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Four New York Times journalists missing in Libya
March 16, 2011 / 6:47 PM / in 7 years

Four New York Times journalists missing in Libya

<p>Combination photo shows the four missing journalists covering the fighting in Libya for the New York Times from handout photos released to Reuters on March 16, 2011. The newspaper said the four journalists are missing in a statement on March 16, 2011. From L-R: Photographers Tyler Hicks and Lynsey Addario, reporter and videographer Stephen Farrell, and two-time Pulitzer Prize winner Anthony Shadid. REUTERS/The New York Times/Handout</p>

NEW YORK (Reuters) - Four journalists covering the fighting in Libya for the New York Times are missing, the newspaper said Wednesday.

The New York Times said the journalists, who included two-time Pulitzer Prize winner Anthony Shadid, were last in contact with their editors Tuesday morning from the town of Ajdabiya.

Also missing were Stephen Farrell -- a reporter and videographer who was kidnapped by the Taliban in 2009 and rescued by British commandos -- and two photographers, Tyler Hicks and Lynsey Addario, the newspaper said.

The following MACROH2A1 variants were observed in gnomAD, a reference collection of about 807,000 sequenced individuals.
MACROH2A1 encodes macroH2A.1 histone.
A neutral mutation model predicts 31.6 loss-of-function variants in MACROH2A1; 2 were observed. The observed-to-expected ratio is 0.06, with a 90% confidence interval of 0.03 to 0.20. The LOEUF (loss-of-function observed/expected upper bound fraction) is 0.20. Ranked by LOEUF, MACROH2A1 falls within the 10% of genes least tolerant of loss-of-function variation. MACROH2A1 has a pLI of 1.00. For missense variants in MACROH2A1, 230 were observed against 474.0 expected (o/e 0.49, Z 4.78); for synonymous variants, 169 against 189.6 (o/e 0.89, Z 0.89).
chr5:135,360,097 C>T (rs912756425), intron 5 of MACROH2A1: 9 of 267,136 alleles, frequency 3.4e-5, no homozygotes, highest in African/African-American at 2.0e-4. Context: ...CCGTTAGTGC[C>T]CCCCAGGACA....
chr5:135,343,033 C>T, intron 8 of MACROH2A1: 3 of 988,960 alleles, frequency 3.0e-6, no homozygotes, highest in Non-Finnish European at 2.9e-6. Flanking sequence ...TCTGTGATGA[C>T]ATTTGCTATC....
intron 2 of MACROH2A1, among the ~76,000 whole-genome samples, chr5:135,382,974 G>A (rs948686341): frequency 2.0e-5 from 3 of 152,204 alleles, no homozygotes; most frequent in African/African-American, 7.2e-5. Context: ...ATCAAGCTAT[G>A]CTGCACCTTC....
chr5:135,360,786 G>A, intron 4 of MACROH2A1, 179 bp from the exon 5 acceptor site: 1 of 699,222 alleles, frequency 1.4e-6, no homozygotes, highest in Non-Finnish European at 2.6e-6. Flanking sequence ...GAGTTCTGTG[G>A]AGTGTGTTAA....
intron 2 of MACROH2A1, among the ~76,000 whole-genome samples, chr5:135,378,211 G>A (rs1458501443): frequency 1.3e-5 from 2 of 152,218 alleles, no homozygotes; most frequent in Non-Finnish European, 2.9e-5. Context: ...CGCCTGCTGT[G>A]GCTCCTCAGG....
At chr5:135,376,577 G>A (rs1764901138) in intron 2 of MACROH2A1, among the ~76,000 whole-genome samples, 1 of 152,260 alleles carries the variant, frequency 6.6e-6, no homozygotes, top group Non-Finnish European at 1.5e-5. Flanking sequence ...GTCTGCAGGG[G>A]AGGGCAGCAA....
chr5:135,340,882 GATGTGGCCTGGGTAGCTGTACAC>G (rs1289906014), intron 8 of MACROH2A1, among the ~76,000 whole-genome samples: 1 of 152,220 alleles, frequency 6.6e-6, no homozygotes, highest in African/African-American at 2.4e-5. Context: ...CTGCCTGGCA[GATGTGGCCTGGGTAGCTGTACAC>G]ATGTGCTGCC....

“We have talked with officials of the Libyan government in Tripoli, and they tell us they are attempting to ascertain the whereabouts of our journalists,” Bill Keller, the executive editor of The New York Times, said in a statement.

He said the Libyan government had assured the Times that if the journalists have been captured, they would be released promptly and unharmed.

A Brazilian reporter was freed by government forces in Libya last week, but a journalist from Britain’s Guardian newspaper remains missing.

A BBC news team also said last week it had been detained by Libyan security forces, beaten and subjected to mock execution after they were arrested at a checkpoint.

Libyan leader Muammar Gaddafi, in power since a military coup in 1969, lost control of large swathes of Libya in a revolt last month, but since then his security forces have fought back. The Libyan uprising follows popular uprisings that ousted the presidents of Tunisia and Egypt.

Reporting by Michelle Nichols; editing by Mohammad Zargham

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